Biologically active small molecules have long proven useful in the exploration of cell biology. Although many early compounds were by-products of drug development efforts, recent increased small molecule screening efforts in academia have expanded the repertoire of biological processes investigated to include areas of biology that are not of immediate pharmaceutical interest. Many of these new bioassays score for small molecule-induced phenotypic changes at the cellular or even organismal level and thus have been described as "chemical genetic" screens. However, this analogy with traditional genetic screens is misleading; although each gene has roughly an equivalent chance of being mutated in a traditional genetic screen, the amount of "proteomic space" that a chemical genetics approach can reach using current small molecule libraries is considerably smaller. Thus, new chemical biology methodologies are needed to target the remaining "undruggable proteome" with small druglike molecules. © 2010 Elsevier Ltd. All rights reserved.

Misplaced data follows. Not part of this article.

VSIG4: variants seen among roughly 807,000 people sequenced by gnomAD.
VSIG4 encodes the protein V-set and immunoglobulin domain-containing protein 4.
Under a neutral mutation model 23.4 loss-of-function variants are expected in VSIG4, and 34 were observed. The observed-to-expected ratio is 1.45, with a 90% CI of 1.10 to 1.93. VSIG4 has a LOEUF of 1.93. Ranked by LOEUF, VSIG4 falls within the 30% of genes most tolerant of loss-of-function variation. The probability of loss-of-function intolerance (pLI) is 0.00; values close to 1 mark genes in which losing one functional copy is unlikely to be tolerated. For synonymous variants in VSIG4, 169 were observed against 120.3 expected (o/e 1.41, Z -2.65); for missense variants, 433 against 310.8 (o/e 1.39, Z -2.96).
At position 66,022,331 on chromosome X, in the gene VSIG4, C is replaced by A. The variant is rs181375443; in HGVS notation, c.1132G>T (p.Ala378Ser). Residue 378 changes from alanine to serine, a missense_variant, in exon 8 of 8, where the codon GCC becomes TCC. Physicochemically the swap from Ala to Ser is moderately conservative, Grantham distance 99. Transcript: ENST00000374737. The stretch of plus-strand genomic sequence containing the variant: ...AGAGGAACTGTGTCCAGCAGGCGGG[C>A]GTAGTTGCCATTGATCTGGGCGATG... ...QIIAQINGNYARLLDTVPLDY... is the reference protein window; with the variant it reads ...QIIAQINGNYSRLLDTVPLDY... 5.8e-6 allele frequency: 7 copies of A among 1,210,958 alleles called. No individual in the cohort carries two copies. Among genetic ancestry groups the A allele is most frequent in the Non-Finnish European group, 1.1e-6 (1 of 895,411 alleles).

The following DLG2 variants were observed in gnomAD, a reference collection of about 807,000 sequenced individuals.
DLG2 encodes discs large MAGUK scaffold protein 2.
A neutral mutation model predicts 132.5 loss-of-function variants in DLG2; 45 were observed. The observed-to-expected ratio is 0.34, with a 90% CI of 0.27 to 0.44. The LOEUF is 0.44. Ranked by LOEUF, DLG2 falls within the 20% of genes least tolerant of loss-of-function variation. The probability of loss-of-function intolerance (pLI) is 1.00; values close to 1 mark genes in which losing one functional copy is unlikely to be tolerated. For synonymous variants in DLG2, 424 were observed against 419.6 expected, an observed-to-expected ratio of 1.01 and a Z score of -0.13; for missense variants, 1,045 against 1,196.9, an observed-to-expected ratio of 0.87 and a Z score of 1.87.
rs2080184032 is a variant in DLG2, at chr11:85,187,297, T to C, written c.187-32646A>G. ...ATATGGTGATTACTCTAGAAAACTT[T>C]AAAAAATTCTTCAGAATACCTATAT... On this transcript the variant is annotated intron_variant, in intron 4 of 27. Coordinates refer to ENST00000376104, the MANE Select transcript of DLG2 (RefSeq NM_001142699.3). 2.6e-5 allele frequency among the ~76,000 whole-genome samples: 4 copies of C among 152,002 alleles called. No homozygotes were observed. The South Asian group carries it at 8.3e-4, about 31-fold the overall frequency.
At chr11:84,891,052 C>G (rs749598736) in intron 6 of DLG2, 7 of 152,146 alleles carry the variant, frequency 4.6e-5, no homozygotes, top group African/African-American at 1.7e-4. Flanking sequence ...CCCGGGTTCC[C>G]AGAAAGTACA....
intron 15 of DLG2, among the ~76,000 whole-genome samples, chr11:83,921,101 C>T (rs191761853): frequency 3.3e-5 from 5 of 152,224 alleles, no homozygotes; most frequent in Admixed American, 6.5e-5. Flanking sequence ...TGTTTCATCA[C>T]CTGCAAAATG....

Crews, C. M. (2010, June 25). Targeting the Undruggable Proteome: The Small Molecules of My Dreams. Chemistry and Biology. Elsevier Ltd. https://doi.org/10.1016/j.chembiol.2010.05.011